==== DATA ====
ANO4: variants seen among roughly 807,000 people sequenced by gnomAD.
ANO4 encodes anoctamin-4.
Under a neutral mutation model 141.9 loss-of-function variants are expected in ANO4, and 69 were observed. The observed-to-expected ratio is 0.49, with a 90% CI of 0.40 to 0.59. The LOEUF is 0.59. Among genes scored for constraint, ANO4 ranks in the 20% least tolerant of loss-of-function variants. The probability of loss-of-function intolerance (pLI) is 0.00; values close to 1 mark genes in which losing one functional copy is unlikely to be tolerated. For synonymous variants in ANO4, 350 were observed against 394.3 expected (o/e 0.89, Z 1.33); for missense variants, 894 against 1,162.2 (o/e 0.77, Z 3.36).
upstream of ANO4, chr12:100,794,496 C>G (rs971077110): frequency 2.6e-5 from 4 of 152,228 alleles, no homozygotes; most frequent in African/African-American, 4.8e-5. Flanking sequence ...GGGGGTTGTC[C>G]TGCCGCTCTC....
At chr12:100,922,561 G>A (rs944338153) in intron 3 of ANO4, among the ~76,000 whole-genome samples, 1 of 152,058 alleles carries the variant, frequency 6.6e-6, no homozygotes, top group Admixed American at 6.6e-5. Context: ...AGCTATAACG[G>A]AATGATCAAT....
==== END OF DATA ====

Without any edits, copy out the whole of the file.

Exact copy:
ANO4: variants seen among roughly 807,000 people sequenced by gnomAD.
ANO4 encodes anoctamin-4.
Under a neutral mutation model 141.9 loss-of-function variants are expected in ANO4, and 69 were observed. The observed-to-expected ratio is 0.49, with a 90% CI of 0.40 to 0.59. The LOEUF is 0.59. Among genes scored for constraint, ANO4 ranks in the 20% least tolerant of loss-of-function variants. The probability of loss-of-function intolerance (pLI) is 0.00; values close to 1 mark genes in which losing one functional copy is unlikely to be tolerated. For synonymous variants in ANO4, 350 were observed against 394.3 expected (o/e 0.89, Z 1.33); for missense variants, 894 against 1,162.2 (o/e 0.77, Z 3.36).
upstream of ANO4, chr12:100,794,496 C>G (rs971077110): frequency 2.6e-5 from 4 of 152,228 alleles, no homozygotes; most frequent in African/African-American, 4.8e-5. Flanking sequence ...GGGGGTTGTC[C>G]TGCCGCTCTC....
At chr12:100,922,561 G>A (rs944338153) in intron 3 of ANO4, among the ~76,000 whole-genome samples, 1 of 152,058 alleles carries the variant, frequency 6.6e-6, no homozygotes, top group Admixed American at 6.6e-5. Context: ...AGCTATAACG[G>A]AATGATCAAT....